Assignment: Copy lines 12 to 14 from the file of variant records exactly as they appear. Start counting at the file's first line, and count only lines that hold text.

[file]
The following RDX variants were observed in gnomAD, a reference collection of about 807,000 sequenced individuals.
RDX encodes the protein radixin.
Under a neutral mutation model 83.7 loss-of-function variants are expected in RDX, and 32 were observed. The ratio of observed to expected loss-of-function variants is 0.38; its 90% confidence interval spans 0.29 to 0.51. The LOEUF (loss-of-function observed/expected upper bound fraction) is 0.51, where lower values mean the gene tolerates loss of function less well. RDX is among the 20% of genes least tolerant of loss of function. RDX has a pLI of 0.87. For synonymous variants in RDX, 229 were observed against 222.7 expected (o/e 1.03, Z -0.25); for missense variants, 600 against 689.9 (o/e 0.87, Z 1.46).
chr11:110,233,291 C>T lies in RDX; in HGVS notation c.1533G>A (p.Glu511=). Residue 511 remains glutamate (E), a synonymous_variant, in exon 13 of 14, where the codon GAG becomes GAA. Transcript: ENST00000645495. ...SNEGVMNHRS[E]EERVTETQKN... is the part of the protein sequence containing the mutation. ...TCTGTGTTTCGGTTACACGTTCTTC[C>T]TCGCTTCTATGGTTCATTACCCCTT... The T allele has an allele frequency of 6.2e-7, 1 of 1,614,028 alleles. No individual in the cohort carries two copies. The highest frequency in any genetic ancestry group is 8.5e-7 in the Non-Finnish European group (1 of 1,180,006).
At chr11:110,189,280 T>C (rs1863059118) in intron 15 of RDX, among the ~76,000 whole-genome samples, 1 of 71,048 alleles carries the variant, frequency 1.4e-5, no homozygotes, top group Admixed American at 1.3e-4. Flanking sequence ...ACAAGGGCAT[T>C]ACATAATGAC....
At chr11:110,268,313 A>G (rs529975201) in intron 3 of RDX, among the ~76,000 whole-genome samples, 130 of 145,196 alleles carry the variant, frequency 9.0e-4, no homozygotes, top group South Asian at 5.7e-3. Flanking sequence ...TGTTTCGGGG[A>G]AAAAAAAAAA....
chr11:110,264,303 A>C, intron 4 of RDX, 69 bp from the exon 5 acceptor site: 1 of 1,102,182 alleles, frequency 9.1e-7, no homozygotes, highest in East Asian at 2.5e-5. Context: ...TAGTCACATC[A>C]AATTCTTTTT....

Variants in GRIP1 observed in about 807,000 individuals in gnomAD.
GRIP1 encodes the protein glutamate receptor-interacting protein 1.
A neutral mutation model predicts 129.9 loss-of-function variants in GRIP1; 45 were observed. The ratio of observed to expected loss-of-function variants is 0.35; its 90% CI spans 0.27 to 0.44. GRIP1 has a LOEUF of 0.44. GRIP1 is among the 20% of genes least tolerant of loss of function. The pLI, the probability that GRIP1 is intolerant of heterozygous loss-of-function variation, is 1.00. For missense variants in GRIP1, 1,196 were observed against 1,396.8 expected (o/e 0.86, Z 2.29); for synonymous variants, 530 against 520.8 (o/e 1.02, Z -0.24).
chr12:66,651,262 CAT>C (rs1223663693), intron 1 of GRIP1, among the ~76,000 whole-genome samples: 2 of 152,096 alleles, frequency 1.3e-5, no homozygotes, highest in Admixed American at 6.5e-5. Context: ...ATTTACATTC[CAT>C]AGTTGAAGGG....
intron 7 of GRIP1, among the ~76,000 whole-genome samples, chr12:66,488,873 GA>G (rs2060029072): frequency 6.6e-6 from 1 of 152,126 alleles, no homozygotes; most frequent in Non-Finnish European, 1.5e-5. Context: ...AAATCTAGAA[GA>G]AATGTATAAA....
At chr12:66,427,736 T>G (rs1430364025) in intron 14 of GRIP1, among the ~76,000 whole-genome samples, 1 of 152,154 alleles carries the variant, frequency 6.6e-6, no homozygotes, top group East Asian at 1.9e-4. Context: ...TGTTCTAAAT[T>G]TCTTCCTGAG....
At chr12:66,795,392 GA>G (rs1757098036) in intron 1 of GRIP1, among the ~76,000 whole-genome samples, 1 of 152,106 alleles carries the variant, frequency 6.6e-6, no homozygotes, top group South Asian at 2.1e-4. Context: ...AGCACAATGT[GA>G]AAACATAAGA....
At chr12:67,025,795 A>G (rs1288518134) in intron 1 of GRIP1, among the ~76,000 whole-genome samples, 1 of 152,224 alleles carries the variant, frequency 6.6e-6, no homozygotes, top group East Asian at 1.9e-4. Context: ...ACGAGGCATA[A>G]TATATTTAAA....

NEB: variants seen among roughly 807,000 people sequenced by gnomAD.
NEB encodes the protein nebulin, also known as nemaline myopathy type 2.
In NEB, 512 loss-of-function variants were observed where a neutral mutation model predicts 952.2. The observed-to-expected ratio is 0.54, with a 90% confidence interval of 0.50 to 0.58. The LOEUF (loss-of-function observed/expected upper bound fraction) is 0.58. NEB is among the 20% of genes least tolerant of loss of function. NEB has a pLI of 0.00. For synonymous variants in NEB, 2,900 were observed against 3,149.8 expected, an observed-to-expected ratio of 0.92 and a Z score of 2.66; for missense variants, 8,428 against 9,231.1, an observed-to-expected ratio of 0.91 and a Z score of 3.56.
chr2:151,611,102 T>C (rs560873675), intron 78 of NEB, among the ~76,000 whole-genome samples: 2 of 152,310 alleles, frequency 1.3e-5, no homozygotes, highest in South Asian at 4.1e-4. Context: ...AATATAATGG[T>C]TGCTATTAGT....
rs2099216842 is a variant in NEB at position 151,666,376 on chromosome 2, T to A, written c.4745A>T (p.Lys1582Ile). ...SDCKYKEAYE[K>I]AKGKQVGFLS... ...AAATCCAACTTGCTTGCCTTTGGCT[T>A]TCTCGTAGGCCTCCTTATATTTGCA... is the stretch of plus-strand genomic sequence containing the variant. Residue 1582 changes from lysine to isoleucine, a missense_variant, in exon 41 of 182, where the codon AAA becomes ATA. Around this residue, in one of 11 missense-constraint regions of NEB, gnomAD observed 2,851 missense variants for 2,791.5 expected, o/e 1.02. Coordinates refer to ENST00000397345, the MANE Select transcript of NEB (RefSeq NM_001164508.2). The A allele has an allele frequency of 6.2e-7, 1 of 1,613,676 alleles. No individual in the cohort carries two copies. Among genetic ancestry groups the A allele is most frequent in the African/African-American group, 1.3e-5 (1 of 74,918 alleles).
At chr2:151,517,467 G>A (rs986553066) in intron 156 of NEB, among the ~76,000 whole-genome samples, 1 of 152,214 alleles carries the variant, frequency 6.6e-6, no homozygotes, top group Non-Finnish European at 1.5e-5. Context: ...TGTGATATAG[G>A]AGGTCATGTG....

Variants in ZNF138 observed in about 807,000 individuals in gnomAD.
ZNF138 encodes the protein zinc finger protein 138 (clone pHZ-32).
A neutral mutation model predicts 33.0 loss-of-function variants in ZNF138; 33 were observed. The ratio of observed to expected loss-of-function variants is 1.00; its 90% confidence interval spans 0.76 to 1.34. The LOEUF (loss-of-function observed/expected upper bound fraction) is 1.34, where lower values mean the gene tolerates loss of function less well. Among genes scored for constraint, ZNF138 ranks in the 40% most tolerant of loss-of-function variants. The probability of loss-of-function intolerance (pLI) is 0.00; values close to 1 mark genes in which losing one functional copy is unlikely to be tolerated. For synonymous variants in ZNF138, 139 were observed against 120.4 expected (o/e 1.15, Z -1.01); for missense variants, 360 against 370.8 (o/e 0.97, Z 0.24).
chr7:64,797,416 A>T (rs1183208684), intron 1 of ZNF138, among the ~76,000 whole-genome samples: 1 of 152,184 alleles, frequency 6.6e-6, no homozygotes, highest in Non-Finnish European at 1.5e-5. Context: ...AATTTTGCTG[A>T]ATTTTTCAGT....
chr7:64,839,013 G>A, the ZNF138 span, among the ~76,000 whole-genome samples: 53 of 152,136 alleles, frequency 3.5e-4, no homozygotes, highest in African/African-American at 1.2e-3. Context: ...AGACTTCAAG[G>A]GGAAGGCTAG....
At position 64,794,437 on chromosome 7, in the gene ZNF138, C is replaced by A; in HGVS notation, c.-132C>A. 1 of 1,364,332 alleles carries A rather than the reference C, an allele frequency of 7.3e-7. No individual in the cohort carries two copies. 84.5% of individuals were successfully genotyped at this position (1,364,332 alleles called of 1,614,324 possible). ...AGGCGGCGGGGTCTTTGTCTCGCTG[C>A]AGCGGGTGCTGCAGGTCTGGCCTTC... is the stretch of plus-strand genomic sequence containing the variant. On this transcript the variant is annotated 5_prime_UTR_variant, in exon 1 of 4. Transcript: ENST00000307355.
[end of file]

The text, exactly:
intron 7 of GRIP1, among the ~76,000 whole-genome samples, chr12:66,488,873 GA>G (rs2060029072): frequency 6.6e-6 from 1 of 152,126 alleles, no homozygotes; most frequent in Non-Finnish European, 1.5e-5. Context: ...AAATCTAGAA[GA>G]AATGTATAAA....
At chr12:66,427,736 T>G (rs1430364025) in intron 14 of GRIP1, among the ~76,000 whole-genome samples, 1 of 152,154 alleles carries the variant, frequency 6.6e-6, no homozygotes, top group East Asian at 1.9e-4. Context: ...TGTTCTAAAT[T>G]TCTTCCTGAG....
At chr12:66,795,392 GA>G (rs1757098036) in intron 1 of GRIP1, among the ~76,000 whole-genome samples, 1 of 152,106 alleles carries the variant, frequency 6.6e-6, no homozygotes, top group South Asian at 2.1e-4. Context: ...AGCACAATGT[GA>G]AAACATAAGA....